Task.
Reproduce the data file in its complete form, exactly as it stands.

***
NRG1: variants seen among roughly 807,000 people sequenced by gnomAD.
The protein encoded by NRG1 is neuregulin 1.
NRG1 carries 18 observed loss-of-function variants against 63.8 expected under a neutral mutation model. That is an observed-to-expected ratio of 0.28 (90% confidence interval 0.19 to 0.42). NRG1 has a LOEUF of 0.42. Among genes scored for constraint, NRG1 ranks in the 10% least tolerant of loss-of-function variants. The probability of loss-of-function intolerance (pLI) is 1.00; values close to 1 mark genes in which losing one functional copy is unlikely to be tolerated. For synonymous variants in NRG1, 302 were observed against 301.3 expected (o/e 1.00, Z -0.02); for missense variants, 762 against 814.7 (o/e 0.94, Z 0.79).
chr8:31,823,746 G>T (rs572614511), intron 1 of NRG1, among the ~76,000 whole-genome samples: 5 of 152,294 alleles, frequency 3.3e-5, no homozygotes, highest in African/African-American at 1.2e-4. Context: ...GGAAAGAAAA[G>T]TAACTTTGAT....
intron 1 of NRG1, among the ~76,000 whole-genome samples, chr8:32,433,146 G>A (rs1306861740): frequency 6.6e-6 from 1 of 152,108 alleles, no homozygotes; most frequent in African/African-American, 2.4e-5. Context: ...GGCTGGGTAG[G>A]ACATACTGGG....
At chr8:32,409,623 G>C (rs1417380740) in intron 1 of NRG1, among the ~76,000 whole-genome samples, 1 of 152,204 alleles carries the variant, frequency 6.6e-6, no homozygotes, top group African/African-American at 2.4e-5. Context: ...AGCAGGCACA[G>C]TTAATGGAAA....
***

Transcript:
NRG1: variants seen among roughly 807,000 people sequenced by gnomAD.
The protein encoded by NRG1 is neuregulin 1.
NRG1 carries 18 observed loss-of-function variants against 63.8 expected under a neutral mutation model. That is an observed-to-expected ratio of 0.28 (90% confidence interval 0.19 to 0.42). NRG1 has a LOEUF of 0.42. Among genes scored for constraint, NRG1 ranks in the 10% least tolerant of loss-of-function variants. The probability of loss-of-function intolerance (pLI) is 1.00; values close to 1 mark genes in which losing one functional copy is unlikely to be tolerated. For synonymous variants in NRG1, 302 were observed against 301.3 expected (o/e 1.00, Z -0.02); for missense variants, 762 against 814.7 (o/e 0.94, Z 0.79).
chr8:31,823,746 G>T (rs572614511), intron 1 of NRG1, among the ~76,000 whole-genome samples: 5 of 152,294 alleles, frequency 3.3e-5, no homozygotes, highest in African/African-American at 1.2e-4. Context: ...GGAAAGAAAA[G>T]TAACTTTGAT....
intron 1 of NRG1, among the ~76,000 whole-genome samples, chr8:32,433,146 G>A (rs1306861740): frequency 6.6e-6 from 1 of 152,108 alleles, no homozygotes; most frequent in African/African-American, 2.4e-5. Context: ...GGCTGGGTAG[G>A]ACATACTGGG....
At chr8:32,409,623 G>C (rs1417380740) in intron 1 of NRG1, among the ~76,000 whole-genome samples, 1 of 152,204 alleles carries the variant, frequency 6.6e-6, no homozygotes, top group African/African-American at 2.4e-5. Context: ...AGCAGGCACA[G>C]TTAATGGAAA....